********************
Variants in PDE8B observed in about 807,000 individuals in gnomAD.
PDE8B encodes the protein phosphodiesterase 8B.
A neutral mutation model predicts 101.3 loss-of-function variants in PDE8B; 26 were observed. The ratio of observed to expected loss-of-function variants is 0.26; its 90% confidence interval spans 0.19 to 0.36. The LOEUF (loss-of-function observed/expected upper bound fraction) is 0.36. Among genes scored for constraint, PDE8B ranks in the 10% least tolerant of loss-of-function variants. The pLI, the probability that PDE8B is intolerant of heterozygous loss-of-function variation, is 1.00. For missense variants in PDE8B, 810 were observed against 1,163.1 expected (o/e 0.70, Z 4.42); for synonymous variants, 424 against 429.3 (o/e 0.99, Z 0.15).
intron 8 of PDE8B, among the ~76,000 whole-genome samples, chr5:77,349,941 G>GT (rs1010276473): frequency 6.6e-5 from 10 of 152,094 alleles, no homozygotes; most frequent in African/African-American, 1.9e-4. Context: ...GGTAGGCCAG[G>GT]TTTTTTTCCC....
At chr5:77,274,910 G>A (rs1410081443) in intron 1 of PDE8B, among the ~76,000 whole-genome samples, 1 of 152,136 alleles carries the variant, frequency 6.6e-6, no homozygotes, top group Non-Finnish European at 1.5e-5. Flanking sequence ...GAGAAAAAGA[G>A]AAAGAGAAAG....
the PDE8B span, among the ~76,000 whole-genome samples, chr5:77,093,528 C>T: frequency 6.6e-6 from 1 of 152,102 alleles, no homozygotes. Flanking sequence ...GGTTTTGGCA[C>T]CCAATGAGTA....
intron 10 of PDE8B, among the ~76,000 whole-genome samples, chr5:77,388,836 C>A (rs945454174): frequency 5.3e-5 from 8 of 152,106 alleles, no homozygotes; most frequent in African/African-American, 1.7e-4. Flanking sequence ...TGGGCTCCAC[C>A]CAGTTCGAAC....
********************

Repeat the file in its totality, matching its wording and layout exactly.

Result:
Variants in PDE8B observed in about 807,000 individuals in gnomAD.
PDE8B encodes the protein phosphodiesterase 8B.
A neutral mutation model predicts 101.3 loss-of-function variants in PDE8B; 26 were observed. The ratio of observed to expected loss-of-function variants is 0.26; its 90% confidence interval spans 0.19 to 0.36. The LOEUF (loss-of-function observed/expected upper bound fraction) is 0.36. Among genes scored for constraint, PDE8B ranks in the 10% least tolerant of loss-of-function variants. The pLI, the probability that PDE8B is intolerant of heterozygous loss-of-function variation, is 1.00. For missense variants in PDE8B, 810 were observed against 1,163.1 expected (o/e 0.70, Z 4.42); for synonymous variants, 424 against 429.3 (o/e 0.99, Z 0.15).
intron 8 of PDE8B, among the ~76,000 whole-genome samples, chr5:77,349,941 G>GT (rs1010276473): frequency 6.6e-5 from 10 of 152,094 alleles, no homozygotes; most frequent in African/African-American, 1.9e-4. Context: ...GGTAGGCCAG[G>GT]TTTTTTTCCC....
At chr5:77,274,910 G>A (rs1410081443) in intron 1 of PDE8B, among the ~76,000 whole-genome samples, 1 of 152,136 alleles carries the variant, frequency 6.6e-6, no homozygotes, top group Non-Finnish European at 1.5e-5. Flanking sequence ...GAGAAAAAGA[G>A]AAAGAGAAAG....
the PDE8B span, among the ~76,000 whole-genome samples, chr5:77,093,528 C>T: frequency 6.6e-6 from 1 of 152,102 alleles, no homozygotes. Flanking sequence ...GGTTTTGGCA[C>T]CCAATGAGTA....
intron 10 of PDE8B, among the ~76,000 whole-genome samples, chr5:77,388,836 C>A (rs945454174): frequency 5.3e-5 from 8 of 152,106 alleles, no homozygotes; most frequent in African/African-American, 1.7e-4. Flanking sequence ...TGGGCTCCAC[C>A]CAGTTCGAAC....